Traveling offers lots of opportunities to learn, to enjoy, to be awed and to welcome unexpected surprises.  One of the aspects of traveling that touches on almost all of the above reactions are wondrous bodies of water around the world that produce outstanding memories.  Here are some of the best of these watery wonders.

Victoria Falls, Zimbabwe, Zambia

When the calm flowing water of the Zembezi River enters the Victoria Falls gorge, it abruptly plunges 328 feet to the bottom. The impact generates soaring mists and thunderous sounds that can be seen and heard for miles. During the rainy season—mid-November through late April—the falls virtually disappear behind a thick wall of mist; at other times, the water volume noticeably eases.

Canals of Venice, Italy

Best enjoyed outside the heat of summer, the Venetian canals and their gondolas provide one of the world’s most romantic experiences: gliding slowly down narrow palazzo-lined canals on a moonlit night. Venice is a city built on water. The canals—some 150 of them—link nearly 700 tiny islands to make what seems a floating city. Visitors and natives alike must travel by foot or boat. The nearly two-mile-long Grand Canal, the main water thoroughfare, is lined by luxurious, centuries-old palazzos with ornate Renaissance-style facades and is spanned by the elaborately designed Rialto Bridge. When the distance is far, the swift vaporettos (water taxis) are handy.

Great Barrier Reef, Australia

The Great Barrier Reef stretches 1,243 miles through the Coral Sea along Australia’s northeastern coast. The reef, which in actuality is a collection of thousands of distinct coral reefs, has been designated a World Heritage site for its sheer beauty and uniquely complex and delicate ecosystem. More than 1,500 types of fish and 200 kinds of birds live on the reef’s atolls, and islands. The beauty of this waterscape annually draws hundreds of thousands of visitors who come to see the spectacle by diving, snorkeling, and glass-bottom boating. Conservationists fear that the large influx of visitors and their collateral effect on pollution are damaging this natural wonder.

Li River, China

The 52-mile stretch of the Li River west of Guilin has inspired artists for thousands of years. Here the Li River snakes through a fairy-tale landscape of conical limestone peaks, its smooth waters exquisitely mirroring the magical scenery. The vistas are particularly enchanting when flowing mists weave themselves around the peaks, hiding then exposing them in moments of surprise. The cone-shaped mountains are vestiges of ancient eroded seabeds that support graceful bamboo groves and terraced rice paddies. Each bend of the river reveals something new and interesting, from lumbering water buffalo pulling carts or cooling off in the river to fishermen gliding on narrow bamboo rafts.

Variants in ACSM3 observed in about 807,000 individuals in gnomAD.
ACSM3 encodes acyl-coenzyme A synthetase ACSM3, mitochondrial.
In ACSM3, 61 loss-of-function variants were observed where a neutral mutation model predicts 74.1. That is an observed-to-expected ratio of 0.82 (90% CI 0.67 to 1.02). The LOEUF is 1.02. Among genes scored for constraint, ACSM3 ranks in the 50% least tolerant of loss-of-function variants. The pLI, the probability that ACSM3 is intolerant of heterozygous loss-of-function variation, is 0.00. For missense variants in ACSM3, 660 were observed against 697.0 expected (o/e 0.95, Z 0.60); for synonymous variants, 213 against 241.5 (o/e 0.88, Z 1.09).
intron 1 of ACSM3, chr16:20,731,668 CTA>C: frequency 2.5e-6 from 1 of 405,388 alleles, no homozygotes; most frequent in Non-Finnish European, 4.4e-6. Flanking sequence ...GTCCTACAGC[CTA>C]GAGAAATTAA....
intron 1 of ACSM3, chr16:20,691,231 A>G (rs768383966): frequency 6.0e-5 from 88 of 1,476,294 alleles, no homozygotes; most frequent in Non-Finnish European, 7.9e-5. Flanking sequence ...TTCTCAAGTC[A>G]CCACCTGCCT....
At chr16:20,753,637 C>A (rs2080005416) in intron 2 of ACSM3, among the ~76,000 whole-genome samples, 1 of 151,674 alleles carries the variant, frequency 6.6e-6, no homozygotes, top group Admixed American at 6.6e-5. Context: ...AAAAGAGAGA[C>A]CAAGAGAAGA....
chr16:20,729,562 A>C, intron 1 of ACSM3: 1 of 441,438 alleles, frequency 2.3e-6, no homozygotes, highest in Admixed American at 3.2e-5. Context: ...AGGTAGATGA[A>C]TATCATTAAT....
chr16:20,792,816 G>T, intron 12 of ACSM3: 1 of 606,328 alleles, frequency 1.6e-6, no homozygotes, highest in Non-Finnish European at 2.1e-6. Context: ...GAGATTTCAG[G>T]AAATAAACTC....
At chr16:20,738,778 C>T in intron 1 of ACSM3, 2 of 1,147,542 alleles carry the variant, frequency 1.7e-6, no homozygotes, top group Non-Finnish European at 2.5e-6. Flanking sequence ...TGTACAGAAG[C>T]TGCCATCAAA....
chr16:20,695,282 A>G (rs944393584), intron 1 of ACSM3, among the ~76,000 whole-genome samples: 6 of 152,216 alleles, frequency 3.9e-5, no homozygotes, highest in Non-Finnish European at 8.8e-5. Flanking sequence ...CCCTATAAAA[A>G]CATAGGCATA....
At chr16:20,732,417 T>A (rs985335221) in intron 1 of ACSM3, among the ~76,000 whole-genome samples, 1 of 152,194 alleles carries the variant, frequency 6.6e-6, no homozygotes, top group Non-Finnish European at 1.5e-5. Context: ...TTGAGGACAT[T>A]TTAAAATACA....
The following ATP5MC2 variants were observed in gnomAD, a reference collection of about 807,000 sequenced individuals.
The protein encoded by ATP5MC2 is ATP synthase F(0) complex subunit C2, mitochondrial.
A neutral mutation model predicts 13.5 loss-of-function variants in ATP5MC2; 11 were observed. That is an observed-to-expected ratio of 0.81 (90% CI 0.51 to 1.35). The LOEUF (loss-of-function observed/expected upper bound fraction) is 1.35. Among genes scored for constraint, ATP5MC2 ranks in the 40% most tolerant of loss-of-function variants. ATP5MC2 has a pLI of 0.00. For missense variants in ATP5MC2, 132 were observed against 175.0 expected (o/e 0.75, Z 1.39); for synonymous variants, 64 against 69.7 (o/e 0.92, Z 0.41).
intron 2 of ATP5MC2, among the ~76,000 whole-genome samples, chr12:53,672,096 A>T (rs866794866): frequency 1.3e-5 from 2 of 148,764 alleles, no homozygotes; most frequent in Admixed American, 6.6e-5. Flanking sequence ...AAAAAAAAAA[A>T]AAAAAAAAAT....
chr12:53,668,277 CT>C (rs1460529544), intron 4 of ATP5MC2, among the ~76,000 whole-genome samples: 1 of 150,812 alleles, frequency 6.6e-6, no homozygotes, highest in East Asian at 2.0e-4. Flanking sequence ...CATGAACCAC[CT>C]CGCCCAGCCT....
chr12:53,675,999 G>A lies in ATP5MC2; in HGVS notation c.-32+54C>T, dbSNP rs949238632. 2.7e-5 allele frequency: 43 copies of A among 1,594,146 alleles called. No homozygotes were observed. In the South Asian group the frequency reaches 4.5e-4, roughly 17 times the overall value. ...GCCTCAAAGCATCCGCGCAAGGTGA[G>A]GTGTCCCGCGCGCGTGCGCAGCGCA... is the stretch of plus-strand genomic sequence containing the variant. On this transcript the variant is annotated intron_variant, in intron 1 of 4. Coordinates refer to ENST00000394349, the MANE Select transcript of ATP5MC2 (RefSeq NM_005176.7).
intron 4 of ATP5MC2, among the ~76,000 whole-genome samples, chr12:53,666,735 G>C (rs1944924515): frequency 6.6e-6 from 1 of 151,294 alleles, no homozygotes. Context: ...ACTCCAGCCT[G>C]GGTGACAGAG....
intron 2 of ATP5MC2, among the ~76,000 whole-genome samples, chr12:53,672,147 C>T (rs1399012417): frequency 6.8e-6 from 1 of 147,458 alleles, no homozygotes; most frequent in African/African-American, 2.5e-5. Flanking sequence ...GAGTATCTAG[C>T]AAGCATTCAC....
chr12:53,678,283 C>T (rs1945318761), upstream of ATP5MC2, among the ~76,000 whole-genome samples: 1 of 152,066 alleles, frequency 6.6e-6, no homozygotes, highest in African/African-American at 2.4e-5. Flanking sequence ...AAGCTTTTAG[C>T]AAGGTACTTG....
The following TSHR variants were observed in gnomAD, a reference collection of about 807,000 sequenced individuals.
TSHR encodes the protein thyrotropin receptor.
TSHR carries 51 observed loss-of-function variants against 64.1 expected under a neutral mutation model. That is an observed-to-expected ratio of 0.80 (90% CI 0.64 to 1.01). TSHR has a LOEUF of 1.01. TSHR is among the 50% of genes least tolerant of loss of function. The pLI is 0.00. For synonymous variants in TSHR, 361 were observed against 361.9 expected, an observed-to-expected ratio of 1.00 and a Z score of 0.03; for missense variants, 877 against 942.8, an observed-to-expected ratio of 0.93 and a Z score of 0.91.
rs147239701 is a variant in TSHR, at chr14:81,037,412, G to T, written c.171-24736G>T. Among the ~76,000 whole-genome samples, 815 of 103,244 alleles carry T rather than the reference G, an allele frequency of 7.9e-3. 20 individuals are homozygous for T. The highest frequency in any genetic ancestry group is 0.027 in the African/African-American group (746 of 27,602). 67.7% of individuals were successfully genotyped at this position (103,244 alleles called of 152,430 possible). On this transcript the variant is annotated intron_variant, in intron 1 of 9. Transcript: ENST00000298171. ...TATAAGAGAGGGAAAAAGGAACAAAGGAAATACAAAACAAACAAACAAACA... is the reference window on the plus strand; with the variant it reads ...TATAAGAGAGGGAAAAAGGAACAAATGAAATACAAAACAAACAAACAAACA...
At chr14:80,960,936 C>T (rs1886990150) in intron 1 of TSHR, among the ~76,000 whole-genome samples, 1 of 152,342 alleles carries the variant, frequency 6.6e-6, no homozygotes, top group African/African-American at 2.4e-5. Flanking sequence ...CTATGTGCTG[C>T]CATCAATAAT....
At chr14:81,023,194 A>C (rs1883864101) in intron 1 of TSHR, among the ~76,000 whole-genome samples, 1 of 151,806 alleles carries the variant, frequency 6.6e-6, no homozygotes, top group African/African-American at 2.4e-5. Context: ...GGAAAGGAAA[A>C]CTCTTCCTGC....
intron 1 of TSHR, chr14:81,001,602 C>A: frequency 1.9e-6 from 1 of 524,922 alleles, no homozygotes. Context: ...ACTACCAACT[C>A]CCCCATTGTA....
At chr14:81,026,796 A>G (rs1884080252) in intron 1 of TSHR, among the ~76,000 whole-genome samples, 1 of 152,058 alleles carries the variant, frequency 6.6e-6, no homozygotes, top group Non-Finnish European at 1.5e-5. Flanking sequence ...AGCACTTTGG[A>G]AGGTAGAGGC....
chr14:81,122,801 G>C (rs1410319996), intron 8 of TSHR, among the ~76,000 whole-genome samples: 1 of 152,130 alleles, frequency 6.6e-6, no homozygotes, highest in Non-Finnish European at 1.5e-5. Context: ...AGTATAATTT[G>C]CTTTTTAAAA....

Suez Canal, Egypt

An idea born of the British Empire’s colonial interests, the 100-mile-long Suez Canal connects the Mediterranean with the Red Sea. Thousands of men labored ten years to build this shortcut. Without it, a cargo ship sailing from Italy to Singapore had to go around the southern tip of Africa, doubling the time and distance. Today, an endless parade of supertankers, container ships, and other large oceangoing vessels stream along this blue ribbon that cuts through barren desert.

Lake Como, Italy

Thousands of years ago, glaciers carved the peaks and valleys of the Alps. Those same glaciers formed the pre-Alpine lakes of the Lombard region some 30 miles north of Milan. Scenic Lake Como, with its deep blue waters, has long been known as “the looking glass of Venus.” Vistas of the lake reveal a serene scene surrounded by palatial villas, tree-clad mountains, and quaint villages. Lake Como covers 56 square miles and reaches a depth of 1,358 feet.

Nile River, Egypt

The storied past of the longest river in the world entices many people to cruise its length as it winds through Egypt. “Floating hotels” glide smoothly past timeless Egyptian life unfolding along the date-palm-tree-dotted riverbanks, as well as the unbelievable historic temples.

Bora-Bora, South Pacific

The Polynesian island of Bora-Bora in the South Pacific is widely suggested as the world’s most beautiful island. A tropical blue lagoon ringed by coral reefs encircles the island, which is crowned by a rugged 2,385-feet-high volcano core draped with tropical foliage. Snorkelers and skin divers love Bora-Bora for its warm waters and plentiful sea fauna. Sunbathers delight in the white-sand beaches.

Dead Sea, Israel

The Dead Sea, shared by Israel and Jordan, is the lowest spot on Earth. Its shoreline is about 1,312 feet below sea level. As the world’s saltiest large body of water, averaging a salt content six times higher than that of the ocean, it supports no life. With no outlet, the water that flows into the Dead Sea evaporates in the hot, humid air, leaving the minerals. The Jordan River is the chief source of the incoming water, but since the 1960s much of its water has been diverted for irrigation. Its length has already shrunk by more than a third, and, while the sea will never entirely disappear, because evaporation slows down as surface area decreases and saltiness increases, the Dead Sea as we know it could become a thing of the past.

…and there’s so much more.

Iguazu Falls

A spectacular waterfall in Argentina and even more so on the Brazil side.  It’s wide and deep and offers many opportunities to feel immersed in its power, its spray and strength.

Inle Lake, Burma

A whole different kind of place where people live and work on the lake.  There’s some large tomato farms and men who paddle boats with one foot.

Lake Tahoe, California and Nevada

It’s big and cold and a beautiful setting with all the water activities available for all ages.

Inside Passage, Alaska

What a great trip with spectacular scenery, wild life on land and water, and the not-t0-be-forgotten Glacier Bay, dotted with towns of yesterday still thriving today.